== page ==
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*Building* A Better Future - 2021 Tips For The Construction Sector

Monday 23 November 2020

Written by Andrew Coney

*Building* A Better Future - 2021 Tips For The Construction Sector

*Building* A Better Future - 2021 Tips For The Construction Sector 


There have been numerous reports released over the last few months assessing the impact of COVID on the construction industry and forecasting the recovery in 2021 and beyond. According to the Glenigan report the UK construction industry project work is predicted to decline in 2020 by 27%, with an overall increase of 17% in 2021 and then a further increase of 9% in 2022, however we’ll still be below our pre-COVID levels by the end of 2022.

They also provide an interesting in site into the industry sectors with:

  • Weak average earnings and rising unemployment holding back private housebuilding; 
  • A rise in office refurbishment work as premises are remodelled;
  • Retail and Hotel & Leisure sectors hardest hit by COVID restrictions;
  • Online sales boost to investment in logistics facilities;
  • Greater public sector investment fuels recovery in social housing, health, schools and civil engineering; and
  • Major projects boost civil engineering workloads.

However, it should be noted that the recovery in construction activity will be greatly influenced by the course of the COVID-19 pandemic, which will obviously have a direct impact on these forecasts. 

A report by Construction Products Association (CPA) published in October this year forecasted that output is expected to fall less than previously feared in 2020, with a most likely scenario seeing output falling 14.5 per cent in 2020 compared to 2019. This is an improvement from the 20.6 per cent drop it had forecast in the summer, and a lot less than the Glenigan prediction. Their upgrade in their forecast was due to the quick re-opening of sites after lockdown, social distancing having less impact on productivity than initially feared, and stronger-than-expected demand for housing and refurbishment work.

Housing demand is currently buoyant, the body said, but the sector was the worst affected by the lockdown with sites and companies fully shutting across the country in April and May. They also warned that demand could falter if unemployment rises. The government have put certain measures in place to combat this however we won’t know the full impact of these measures until later in the new year.

So looking ahead to next year and beyond, what changes can we expect in the industry and what should we be focusing on. Here are just a few that come to mind:

Growth of Online Facilities

The high street is changing as more businesses head online. This change has affected all of the industries that usually populate the high street and could lead to less construction of new commercial buildings, although current facilities may want to improve their ability to cope in the new landscape with renovations to their existing structures.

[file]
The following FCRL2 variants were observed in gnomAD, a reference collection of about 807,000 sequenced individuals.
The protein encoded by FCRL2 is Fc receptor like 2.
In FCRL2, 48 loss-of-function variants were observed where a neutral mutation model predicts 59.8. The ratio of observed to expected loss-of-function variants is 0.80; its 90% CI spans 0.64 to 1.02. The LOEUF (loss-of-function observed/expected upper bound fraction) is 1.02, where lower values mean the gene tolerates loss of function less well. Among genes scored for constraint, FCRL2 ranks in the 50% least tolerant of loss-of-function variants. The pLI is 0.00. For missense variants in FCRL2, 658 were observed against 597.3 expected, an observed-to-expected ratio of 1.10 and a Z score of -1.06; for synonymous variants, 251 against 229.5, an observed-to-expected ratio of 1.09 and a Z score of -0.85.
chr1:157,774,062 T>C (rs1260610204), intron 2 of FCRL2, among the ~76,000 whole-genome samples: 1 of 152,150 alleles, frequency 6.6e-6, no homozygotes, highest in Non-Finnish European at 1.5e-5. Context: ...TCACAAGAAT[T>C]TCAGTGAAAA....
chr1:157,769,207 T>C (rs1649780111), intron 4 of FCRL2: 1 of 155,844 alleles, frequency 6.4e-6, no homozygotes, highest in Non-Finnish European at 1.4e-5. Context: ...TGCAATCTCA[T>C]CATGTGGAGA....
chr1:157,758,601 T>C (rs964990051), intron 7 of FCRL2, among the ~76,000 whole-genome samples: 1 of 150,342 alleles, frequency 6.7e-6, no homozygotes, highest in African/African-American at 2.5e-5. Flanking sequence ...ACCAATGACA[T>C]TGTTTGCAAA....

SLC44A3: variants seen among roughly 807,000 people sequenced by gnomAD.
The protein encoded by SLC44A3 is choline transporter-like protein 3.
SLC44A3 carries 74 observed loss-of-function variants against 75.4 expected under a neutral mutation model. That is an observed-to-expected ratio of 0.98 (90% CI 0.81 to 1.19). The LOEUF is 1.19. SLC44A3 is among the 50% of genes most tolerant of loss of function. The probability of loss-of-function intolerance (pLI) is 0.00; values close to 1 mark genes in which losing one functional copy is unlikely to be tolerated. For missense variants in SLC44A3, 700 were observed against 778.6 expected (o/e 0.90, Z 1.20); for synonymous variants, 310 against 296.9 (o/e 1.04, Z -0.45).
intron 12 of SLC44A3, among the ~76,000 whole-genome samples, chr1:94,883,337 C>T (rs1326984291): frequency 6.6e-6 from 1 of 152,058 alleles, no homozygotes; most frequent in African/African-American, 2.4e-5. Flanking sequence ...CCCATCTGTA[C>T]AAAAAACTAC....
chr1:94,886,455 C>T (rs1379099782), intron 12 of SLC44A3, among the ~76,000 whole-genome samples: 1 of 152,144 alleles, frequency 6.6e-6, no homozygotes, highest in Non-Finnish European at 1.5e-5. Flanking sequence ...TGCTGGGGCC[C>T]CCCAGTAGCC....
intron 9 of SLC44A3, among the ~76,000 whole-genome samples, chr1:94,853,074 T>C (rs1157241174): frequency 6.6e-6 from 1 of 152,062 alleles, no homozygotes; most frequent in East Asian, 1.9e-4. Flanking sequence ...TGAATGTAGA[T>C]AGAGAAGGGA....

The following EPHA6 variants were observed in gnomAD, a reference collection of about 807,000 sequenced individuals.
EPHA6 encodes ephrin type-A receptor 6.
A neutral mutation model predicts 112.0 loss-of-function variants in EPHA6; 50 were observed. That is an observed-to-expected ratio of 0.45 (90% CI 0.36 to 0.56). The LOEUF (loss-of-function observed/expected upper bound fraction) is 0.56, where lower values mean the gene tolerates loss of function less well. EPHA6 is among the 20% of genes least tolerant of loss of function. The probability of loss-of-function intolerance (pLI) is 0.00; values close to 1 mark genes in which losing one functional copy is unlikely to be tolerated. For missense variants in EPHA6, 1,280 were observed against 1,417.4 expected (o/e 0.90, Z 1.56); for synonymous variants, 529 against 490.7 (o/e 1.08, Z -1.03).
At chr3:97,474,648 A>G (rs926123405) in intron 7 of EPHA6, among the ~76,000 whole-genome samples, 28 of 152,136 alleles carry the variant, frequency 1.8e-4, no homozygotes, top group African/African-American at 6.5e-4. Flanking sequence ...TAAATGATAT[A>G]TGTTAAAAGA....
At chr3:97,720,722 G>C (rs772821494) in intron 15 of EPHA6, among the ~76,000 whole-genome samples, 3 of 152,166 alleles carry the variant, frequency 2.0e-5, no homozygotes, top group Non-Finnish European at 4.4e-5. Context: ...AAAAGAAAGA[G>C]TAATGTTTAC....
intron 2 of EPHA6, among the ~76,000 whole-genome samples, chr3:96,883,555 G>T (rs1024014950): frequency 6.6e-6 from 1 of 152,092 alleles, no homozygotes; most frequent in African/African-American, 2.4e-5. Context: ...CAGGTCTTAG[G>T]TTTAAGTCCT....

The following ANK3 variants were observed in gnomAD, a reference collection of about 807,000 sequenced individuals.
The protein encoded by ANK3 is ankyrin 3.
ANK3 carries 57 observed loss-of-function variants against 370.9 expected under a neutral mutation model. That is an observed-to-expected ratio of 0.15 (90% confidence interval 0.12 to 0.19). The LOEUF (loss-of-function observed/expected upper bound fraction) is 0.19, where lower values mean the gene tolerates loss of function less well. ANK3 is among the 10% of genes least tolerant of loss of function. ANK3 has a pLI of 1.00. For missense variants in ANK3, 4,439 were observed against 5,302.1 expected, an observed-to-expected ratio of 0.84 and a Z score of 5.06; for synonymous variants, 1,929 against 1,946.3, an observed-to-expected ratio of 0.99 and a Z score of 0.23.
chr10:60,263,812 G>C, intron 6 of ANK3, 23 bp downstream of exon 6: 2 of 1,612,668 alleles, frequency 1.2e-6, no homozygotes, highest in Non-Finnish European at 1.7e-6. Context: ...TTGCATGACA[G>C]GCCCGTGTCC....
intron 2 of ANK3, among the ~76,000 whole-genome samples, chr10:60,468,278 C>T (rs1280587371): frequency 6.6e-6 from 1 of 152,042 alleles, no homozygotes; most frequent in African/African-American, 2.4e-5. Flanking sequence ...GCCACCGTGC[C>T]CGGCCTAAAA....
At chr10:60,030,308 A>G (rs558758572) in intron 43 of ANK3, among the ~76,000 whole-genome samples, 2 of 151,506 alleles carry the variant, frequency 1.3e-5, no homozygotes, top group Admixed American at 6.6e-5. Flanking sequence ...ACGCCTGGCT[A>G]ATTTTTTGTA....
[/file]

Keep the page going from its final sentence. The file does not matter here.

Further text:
Renovation of Town Centres

Before COVID many councils were looking at creatively leading a revival of their local town and city centres. Time and creative leadership are necessary for the physical aspects of our town centres to adapt to the massive changes in shopping habits, global trends and what attracts people to town centres, including renovating some of the most run-down centres. This has a positive knock-on effect for construction as it gives contractors endless opportunities to start on large-scale projects that they have previously been unable to perform.

The Impact of Brexit 

We have not yet felt the full impact of Brexit however all construction firms should by now have the necessary contingency plans in place. The impact of Brexit on supply chains and the cost of materials may have a lasting effect on the construction industry, with many companies having to find new ways to deal with these changes.

Increased Use of Technology

Technology will lead the change in the construction industry in a number of ways, particularly through its implementation of health and safety procedures, its energy-efficient practices and its ability to manage projects in a more efficient way. From project management software to data analysis, there are a huge range of different technologies that will soon have an impact on construction and getting ahead of the pack could have a major impact on your cost base, efficiency levels and ability to complete projects in shorter timeframes. 

Focus on Large Housing Developments

In 2019, the UK saw housing developments and new housing plots grow to their highest level for 30 years, and, even though this was impacted by COVID, there are no signs of this decreasing as the government looks to find new areas to build homes for our increasing population. This may mean that construction workers are able to find new projects on a domestic scale, as new housing estates are starting to be built across the country.

If you have any questions or need any further advice, please don't hesitate to get in touch with us today, or email our construction sector specialist andrew.coney@raffingers.co.uk.

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